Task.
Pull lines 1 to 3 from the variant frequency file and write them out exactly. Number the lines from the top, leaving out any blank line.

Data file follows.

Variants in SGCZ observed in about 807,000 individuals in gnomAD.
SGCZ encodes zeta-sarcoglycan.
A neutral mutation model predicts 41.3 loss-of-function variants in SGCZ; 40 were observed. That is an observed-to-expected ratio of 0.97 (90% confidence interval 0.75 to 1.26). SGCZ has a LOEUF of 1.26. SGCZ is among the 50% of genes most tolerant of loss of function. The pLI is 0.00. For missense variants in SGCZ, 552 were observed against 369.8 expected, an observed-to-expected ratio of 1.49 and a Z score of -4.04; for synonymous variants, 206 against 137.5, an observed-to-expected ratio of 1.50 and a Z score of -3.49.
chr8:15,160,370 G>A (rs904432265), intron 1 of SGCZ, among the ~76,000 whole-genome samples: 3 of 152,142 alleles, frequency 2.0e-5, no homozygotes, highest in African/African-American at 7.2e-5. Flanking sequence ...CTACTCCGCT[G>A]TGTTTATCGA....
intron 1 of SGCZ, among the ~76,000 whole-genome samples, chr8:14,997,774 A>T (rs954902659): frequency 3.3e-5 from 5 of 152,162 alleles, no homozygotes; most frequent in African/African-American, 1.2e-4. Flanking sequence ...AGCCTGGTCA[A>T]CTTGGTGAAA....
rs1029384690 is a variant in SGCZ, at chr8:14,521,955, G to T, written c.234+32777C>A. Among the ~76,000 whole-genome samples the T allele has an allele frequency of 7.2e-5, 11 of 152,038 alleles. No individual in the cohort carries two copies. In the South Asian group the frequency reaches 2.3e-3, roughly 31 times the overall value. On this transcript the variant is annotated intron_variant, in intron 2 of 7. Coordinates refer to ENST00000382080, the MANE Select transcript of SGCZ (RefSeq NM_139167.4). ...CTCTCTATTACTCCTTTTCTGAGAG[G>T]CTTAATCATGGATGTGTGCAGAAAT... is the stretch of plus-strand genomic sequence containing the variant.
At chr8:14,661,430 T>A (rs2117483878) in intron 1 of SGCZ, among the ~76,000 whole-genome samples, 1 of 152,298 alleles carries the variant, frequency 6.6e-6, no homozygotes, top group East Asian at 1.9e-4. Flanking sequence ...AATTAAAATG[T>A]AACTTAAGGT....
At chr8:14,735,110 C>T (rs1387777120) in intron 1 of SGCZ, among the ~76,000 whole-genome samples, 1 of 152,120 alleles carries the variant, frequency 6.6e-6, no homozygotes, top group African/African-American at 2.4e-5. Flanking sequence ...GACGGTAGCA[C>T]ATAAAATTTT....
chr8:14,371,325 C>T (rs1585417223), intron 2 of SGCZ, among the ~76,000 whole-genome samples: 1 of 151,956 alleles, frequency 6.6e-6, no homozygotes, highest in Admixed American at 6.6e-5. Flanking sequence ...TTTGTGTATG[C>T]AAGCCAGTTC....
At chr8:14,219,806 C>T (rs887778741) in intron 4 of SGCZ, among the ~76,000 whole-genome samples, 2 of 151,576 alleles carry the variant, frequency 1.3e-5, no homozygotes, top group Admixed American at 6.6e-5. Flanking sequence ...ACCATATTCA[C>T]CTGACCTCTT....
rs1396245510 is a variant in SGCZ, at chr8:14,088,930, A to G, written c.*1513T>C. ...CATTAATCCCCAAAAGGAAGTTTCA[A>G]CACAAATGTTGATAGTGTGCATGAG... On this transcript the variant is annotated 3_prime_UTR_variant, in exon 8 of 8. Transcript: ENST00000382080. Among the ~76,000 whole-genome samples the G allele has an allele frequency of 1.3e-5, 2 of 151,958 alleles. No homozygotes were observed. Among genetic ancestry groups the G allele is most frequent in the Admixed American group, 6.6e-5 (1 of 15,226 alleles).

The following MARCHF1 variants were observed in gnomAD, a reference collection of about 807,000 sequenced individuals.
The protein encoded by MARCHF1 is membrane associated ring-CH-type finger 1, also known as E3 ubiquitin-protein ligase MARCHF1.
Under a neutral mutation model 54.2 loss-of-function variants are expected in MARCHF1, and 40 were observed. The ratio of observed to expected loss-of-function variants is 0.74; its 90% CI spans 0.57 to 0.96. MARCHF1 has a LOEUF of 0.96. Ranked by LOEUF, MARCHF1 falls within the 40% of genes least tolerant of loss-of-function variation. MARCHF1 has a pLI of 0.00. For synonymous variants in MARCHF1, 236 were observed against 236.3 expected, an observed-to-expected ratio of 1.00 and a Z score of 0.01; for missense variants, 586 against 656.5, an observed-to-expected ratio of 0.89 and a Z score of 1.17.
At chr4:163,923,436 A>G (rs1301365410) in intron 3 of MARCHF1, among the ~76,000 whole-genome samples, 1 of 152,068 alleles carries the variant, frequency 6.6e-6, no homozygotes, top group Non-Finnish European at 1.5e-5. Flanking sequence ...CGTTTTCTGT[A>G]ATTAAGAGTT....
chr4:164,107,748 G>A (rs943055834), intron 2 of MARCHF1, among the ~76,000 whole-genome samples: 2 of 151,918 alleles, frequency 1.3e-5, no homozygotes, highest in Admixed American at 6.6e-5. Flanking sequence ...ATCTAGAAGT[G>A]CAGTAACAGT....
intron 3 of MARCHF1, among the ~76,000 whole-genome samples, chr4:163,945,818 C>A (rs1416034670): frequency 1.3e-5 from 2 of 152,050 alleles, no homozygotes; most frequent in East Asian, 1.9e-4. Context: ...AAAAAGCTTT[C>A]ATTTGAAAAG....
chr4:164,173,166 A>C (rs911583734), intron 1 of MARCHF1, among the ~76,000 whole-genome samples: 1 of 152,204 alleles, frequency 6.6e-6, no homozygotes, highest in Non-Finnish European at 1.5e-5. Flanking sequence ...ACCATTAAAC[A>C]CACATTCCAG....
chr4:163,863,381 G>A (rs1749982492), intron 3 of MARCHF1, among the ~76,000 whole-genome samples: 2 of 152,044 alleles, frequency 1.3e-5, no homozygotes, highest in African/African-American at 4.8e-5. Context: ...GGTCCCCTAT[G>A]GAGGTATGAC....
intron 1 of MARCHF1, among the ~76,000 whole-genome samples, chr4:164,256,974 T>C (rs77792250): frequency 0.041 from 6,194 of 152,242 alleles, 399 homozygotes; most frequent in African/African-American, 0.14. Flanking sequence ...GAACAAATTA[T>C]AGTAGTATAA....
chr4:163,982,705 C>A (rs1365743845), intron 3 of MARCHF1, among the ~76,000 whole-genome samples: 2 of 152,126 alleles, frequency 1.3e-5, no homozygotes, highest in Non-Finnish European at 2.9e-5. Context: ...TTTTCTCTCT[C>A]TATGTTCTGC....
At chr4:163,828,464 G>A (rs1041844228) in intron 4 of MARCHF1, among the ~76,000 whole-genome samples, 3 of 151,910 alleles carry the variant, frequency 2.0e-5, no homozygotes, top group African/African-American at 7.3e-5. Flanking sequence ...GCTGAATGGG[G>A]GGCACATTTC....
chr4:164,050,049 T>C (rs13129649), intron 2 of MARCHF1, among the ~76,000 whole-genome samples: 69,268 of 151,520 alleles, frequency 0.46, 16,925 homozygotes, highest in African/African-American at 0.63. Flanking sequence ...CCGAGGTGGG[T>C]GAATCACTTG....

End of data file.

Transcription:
Variants in SGCZ observed in about 807,000 individuals in gnomAD.
SGCZ encodes zeta-sarcoglycan.
A neutral mutation model predicts 41.3 loss-of-function variants in SGCZ; 40 were observed. That is an observed-to-expected ratio of 0.97 (90% confidence interval 0.75 to 1.26). SGCZ has a LOEUF of 1.26. SGCZ is among the 50% of genes most tolerant of loss of function. The pLI is 0.00. For missense variants in SGCZ, 552 were observed against 369.8 expected, an observed-to-expected ratio of 1.49 and a Z score of -4.04; for synonymous variants, 206 against 137.5, an observed-to-expected ratio of 1.50 and a Z score of -3.49.